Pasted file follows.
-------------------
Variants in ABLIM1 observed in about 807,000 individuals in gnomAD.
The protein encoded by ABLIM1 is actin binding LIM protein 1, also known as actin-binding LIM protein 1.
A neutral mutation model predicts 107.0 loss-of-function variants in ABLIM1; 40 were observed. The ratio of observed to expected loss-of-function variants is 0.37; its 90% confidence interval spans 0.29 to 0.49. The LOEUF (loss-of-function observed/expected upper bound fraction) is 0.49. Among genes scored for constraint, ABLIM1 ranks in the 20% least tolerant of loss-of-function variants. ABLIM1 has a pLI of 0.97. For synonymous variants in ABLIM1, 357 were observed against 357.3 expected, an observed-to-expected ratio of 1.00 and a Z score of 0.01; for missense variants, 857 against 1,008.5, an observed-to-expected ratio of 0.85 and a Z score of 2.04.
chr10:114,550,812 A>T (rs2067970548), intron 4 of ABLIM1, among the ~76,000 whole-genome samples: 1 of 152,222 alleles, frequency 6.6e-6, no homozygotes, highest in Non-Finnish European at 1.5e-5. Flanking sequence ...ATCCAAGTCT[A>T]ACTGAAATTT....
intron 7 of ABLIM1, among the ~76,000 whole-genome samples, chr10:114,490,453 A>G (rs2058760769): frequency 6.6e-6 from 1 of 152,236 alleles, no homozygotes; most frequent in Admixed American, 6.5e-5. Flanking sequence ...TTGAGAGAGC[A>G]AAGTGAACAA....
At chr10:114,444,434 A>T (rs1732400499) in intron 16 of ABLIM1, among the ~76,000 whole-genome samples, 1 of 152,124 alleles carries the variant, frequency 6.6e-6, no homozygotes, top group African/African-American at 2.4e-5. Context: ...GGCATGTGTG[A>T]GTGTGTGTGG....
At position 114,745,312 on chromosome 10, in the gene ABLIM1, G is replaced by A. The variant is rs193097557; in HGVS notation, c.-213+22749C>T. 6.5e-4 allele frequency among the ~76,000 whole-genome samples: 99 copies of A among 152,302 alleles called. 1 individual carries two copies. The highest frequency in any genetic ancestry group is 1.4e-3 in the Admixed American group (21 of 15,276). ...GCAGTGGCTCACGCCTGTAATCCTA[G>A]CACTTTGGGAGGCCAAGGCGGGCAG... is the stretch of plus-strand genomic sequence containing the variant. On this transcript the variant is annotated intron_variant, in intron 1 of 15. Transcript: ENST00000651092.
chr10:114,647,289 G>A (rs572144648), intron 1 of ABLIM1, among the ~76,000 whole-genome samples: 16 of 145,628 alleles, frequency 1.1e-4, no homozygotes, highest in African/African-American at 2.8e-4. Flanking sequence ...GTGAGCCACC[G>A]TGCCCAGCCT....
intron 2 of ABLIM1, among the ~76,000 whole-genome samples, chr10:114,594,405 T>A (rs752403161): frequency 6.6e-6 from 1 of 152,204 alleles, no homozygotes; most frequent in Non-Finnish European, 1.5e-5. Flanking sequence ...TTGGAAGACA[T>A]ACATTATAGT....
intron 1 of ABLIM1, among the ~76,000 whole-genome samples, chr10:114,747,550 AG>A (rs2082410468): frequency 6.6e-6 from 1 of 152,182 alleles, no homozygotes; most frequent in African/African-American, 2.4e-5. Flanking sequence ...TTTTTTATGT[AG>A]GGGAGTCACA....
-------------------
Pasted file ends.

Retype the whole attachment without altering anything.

Variants in ABLIM1 observed in about 807,000 individuals in gnomAD.
The protein encoded by ABLIM1 is actin binding LIM protein 1, also known as actin-binding LIM protein 1.
A neutral mutation model predicts 107.0 loss-of-function variants in ABLIM1; 40 were observed. The ratio of observed to expected loss-of-function variants is 0.37; its 90% confidence interval spans 0.29 to 0.49. The LOEUF (loss-of-function observed/expected upper bound fraction) is 0.49. Among genes scored for constraint, ABLIM1 ranks in the 20% least tolerant of loss-of-function variants. ABLIM1 has a pLI of 0.97. For synonymous variants in ABLIM1, 357 were observed against 357.3 expected, an observed-to-expected ratio of 1.00 and a Z score of 0.01; for missense variants, 857 against 1,008.5, an observed-to-expected ratio of 0.85 and a Z score of 2.04.
chr10:114,550,812 A>T (rs2067970548), intron 4 of ABLIM1, among the ~76,000 whole-genome samples: 1 of 152,222 alleles, frequency 6.6e-6, no homozygotes, highest in Non-Finnish European at 1.5e-5. Flanking sequence ...ATCCAAGTCT[A>T]ACTGAAATTT....
intron 7 of ABLIM1, among the ~76,000 whole-genome samples, chr10:114,490,453 A>G (rs2058760769): frequency 6.6e-6 from 1 of 152,236 alleles, no homozygotes; most frequent in Admixed American, 6.5e-5. Flanking sequence ...TTGAGAGAGC[A>G]AAGTGAACAA....
At chr10:114,444,434 A>T (rs1732400499) in intron 16 of ABLIM1, among the ~76,000 whole-genome samples, 1 of 152,124 alleles carries the variant, frequency 6.6e-6, no homozygotes, top group African/African-American at 2.4e-5. Context: ...GGCATGTGTG[A>T]GTGTGTGTGG....
At position 114,745,312 on chromosome 10, in the gene ABLIM1, G is replaced by A. The variant is rs193097557; in HGVS notation, c.-213+22749C>T. 6.5e-4 allele frequency among the ~76,000 whole-genome samples: 99 copies of A among 152,302 alleles called. 1 individual carries two copies. The highest frequency in any genetic ancestry group is 1.4e-3 in the Admixed American group (21 of 15,276). ...GCAGTGGCTCACGCCTGTAATCCTA[G>A]CACTTTGGGAGGCCAAGGCGGGCAG... is the stretch of plus-strand genomic sequence containing the variant. On this transcript the variant is annotated intron_variant, in intron 1 of 15. Transcript: ENST00000651092.
chr10:114,647,289 G>A (rs572144648), intron 1 of ABLIM1, among the ~76,000 whole-genome samples: 16 of 145,628 alleles, frequency 1.1e-4, no homozygotes, highest in African/African-American at 2.8e-4. Flanking sequence ...GTGAGCCACC[G>A]TGCCCAGCCT....
intron 2 of ABLIM1, among the ~76,000 whole-genome samples, chr10:114,594,405 T>A (rs752403161): frequency 6.6e-6 from 1 of 152,204 alleles, no homozygotes; most frequent in Non-Finnish European, 1.5e-5. Flanking sequence ...TTGGAAGACA[T>A]ACATTATAGT....
intron 1 of ABLIM1, among the ~76,000 whole-genome samples, chr10:114,747,550 AG>A (rs2082410468): frequency 6.6e-6 from 1 of 152,182 alleles, no homozygotes; most frequent in African/African-American, 2.4e-5. Flanking sequence ...TTTTTTATGT[AG>A]GGGAGTCACA....